Cantalejo Wetlands


Segovia Province


- Añe Ash Tree Grove

- Wetlands: Navas de Oro Lagoons, Sanchoñuño, Cantalejo

- Tierra de Pinares


Steppe birds, river birds, cliff nesting birds and water birds


The next route runs along Segovia, a land combining vast farmland surfaces and large pine grove areas, as well as a number of interesting wetlands. The schedule suggested below intends to allow the visitor to spend a little time in each habitat. There are a lot of alternatives, making it extremely difficult to get to know the entire location. Visitors are advised to choose the options that best suit their interests.

Day 1

The trip begins 20 km (12.4 miles) from Segovia, a historical city whose cathedral provides shelter to a large number of storks and red-billed choughs. The town of Añe lies close to the mouth of the Moros River in Eresma. Its fertile lands create an interesting ash tree grove comprised by numerous trees, some of which are hundreds of years old and are up to 9 meters in diameter. These trees are home to a large variety of forest birds. The suggested ornithological trip is an interesting option.

The route continues on to Navas de Oro. This county holds two lagoons which are very close to each other and are home to numerous species of water birds. During migration periods the population of birds in the wetland layer increases and includes certain types of birds such as green-winged teals, northern shovellers, etc. An ornithological trip that runs along the wetland begins in this location.

On the way to Cuellar the characteristic landscape is made up by vast pine groves: A new ecosystem appears. The proximity to the river area helps bird diversity combine a number of forest bird species and river bird species. The origin of Tierra de Pinares dates back to the Pleistocene period; its landscape is arranged by peculiar dune formations due to the erosion and latter removal of sediments. These maritime pine groves have been modified by man during resin extraction, making them single species forests.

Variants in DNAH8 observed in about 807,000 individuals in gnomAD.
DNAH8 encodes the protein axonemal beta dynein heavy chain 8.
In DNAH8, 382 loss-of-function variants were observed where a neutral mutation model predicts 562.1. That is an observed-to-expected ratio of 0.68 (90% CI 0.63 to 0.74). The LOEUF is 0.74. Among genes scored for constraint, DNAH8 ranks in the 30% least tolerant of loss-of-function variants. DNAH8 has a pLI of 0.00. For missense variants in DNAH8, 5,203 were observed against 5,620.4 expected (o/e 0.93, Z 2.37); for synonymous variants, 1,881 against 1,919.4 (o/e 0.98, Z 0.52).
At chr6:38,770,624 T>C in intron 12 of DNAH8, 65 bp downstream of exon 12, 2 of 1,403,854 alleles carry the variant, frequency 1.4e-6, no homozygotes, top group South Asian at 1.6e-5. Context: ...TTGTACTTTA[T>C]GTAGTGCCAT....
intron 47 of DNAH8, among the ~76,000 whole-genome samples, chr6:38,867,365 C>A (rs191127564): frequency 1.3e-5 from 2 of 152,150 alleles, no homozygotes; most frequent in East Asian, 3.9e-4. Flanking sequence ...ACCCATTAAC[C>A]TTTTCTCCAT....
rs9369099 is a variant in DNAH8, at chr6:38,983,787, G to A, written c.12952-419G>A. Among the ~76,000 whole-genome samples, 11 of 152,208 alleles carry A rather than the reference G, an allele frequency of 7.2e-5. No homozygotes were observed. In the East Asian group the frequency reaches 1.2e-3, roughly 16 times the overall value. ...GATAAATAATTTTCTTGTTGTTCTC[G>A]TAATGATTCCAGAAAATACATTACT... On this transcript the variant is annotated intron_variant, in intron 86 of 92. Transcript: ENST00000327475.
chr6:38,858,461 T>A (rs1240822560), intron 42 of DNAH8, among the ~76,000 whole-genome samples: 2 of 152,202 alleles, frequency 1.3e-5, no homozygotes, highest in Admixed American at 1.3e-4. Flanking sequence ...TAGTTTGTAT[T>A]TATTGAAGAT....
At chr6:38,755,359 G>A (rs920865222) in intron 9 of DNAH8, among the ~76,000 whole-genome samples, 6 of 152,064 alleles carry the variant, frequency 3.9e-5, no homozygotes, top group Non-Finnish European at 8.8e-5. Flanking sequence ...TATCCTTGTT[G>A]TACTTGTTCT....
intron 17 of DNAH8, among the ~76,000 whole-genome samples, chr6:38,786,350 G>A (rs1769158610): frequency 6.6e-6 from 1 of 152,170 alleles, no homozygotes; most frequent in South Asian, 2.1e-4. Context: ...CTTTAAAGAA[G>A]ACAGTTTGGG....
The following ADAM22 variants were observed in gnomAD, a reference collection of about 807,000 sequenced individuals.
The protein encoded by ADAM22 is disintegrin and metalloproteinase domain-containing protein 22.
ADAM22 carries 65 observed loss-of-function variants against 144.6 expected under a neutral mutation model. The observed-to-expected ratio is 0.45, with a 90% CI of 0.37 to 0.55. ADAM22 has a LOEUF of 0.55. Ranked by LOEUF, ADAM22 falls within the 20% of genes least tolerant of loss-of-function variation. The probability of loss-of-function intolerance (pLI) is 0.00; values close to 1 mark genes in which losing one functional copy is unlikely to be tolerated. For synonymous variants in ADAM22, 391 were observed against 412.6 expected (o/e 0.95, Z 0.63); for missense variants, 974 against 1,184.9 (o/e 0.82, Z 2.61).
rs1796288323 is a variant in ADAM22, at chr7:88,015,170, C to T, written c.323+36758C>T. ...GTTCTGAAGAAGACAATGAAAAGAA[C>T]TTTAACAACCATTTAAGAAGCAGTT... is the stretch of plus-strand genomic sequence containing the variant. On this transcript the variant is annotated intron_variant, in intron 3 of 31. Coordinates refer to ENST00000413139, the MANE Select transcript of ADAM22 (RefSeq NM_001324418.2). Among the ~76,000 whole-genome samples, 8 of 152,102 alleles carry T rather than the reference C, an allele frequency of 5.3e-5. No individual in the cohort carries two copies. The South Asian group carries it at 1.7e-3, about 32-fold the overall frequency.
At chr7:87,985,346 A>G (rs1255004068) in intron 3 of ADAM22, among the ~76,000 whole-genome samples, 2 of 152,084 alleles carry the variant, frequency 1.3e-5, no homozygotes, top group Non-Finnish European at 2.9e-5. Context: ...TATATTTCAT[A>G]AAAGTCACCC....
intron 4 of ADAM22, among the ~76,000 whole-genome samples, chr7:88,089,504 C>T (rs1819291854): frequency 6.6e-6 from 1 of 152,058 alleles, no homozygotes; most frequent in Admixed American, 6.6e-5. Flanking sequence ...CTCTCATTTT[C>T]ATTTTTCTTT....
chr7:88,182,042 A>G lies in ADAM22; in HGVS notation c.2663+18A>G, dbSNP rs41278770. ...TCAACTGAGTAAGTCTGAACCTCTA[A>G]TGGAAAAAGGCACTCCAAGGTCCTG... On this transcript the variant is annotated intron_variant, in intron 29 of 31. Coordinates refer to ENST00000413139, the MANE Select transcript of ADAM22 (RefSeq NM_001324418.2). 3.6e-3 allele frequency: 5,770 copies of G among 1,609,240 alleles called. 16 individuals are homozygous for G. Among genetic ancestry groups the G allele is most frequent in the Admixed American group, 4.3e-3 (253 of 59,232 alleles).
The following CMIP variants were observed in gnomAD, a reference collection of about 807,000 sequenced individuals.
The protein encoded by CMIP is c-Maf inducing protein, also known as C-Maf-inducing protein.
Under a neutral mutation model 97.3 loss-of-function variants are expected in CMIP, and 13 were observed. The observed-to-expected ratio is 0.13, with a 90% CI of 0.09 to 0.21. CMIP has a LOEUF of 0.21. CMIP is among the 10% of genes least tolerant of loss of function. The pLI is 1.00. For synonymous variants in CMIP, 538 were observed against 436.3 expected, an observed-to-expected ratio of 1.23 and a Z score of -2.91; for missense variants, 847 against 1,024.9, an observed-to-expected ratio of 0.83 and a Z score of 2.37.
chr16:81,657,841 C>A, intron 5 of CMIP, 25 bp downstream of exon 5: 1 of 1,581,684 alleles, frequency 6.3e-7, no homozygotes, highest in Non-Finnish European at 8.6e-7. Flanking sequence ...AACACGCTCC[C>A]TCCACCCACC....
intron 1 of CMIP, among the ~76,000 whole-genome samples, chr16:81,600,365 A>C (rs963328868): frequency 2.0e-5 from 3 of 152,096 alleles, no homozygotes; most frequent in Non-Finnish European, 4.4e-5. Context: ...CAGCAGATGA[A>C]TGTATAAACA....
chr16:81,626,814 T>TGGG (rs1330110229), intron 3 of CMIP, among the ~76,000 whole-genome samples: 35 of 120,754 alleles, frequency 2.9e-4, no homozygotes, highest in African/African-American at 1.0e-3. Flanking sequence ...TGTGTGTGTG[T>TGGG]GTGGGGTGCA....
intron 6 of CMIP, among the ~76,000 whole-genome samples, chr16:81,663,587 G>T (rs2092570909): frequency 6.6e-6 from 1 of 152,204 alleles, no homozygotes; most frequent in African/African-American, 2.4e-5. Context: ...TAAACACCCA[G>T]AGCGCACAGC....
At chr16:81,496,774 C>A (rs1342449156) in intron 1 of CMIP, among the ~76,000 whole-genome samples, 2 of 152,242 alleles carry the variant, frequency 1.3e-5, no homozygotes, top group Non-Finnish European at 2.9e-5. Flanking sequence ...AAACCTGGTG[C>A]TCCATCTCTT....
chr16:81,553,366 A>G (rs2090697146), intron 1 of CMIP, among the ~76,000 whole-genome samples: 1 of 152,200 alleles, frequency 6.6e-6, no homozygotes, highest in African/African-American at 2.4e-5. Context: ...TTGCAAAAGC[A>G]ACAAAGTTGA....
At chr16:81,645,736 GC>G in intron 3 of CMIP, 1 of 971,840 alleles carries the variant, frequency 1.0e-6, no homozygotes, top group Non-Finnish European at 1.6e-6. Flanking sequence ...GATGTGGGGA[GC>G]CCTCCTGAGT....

In the middle of this route you’ll find the town of Sanchonuño, which has an interesting lagoon where you can see information panels and various water bird species. Before arriving at Cuellar, you take exit 57 on highway A-601 to access the Cega River. This is where the fishermen trail begins. This trail runs along a 16 km (10 miles) distance through somber slopes, combining one of the largest maritime pine forests in the Peninsula with the leafy vegetation native to the riparian forest found next to the river.

Upon leaving this county, another ornithological route option begins in the Cuellar grasslands and continues on to Torreón Santa María y Torrentillana. This location provides the best view of all pine groves and you’ll be able to observe a number of vultures flying towards Duratón canyon.

Day 2

The succeeding paragraphs provide a number of alternatives according to visitors’ ornithological interest.

One of the options involves making a stopover in Lastras de Cuellar in order to start a trip through the wetlands in the area. This area has three reed covered lagoons. One of these lagoons remains filled with water all year long, making it easy to observe various birds, such as bitterns, grebes and moorhens, which are overflown by marsh-harriers. Highway CL-112 and another trail will lead you to the Cantalejo lagoons, which comprise one of the largest wetlands in the province. This ornithological route will take you along 24 lagoons, which are duly signposted. The most common species found here include grey herons, northern shovellers and garganeys. There is also a number of redshanks, grebes, etc.

The second option involves observing the bird species native to the rocky areas. As you go along the Duratón river canyon towards Vencías dam, you will notice how the river has carved and eroded the rock formations over the course of millennia. You’ll be able to see various species typical to this area and nesting in cliffs, such as griffon vultures, Egyptian vultures, red-billed choughs and crag martins. San Miguel de Bermuy is the starting point for an ornithological route along a wetland. The nearby Roman ruins lying on both sides of the river are also ideal locations to watch vultures.

There is a last option completing the list of habitats as you come down from Cantalejo to Turégano. At a 3 km (1.8 miles) distance from town, on the entrance to the pine grove, you will find the Museo Forestal del Ingenierio. This museum shows how the pine grove was managed and how resin used to be extracted. An ornithological hiking route begins here. The first few kilometers along this route run along a farmland area, where more than likely you’ll be able to observe a number of species native to this environment, such as goldfinches, wheatears and stonechats. Numerous birds roam the cereal plains, such as woodlarks, mockingbirds and larks, whose chants make the trip quite pleasant. In the section of this route that runs along the pine grove you’ll be able to see black storks in addition to the forest bird species that dwell in this area, such as magpies and jays.

Local Action Group: AIDESCOM, HONORSE


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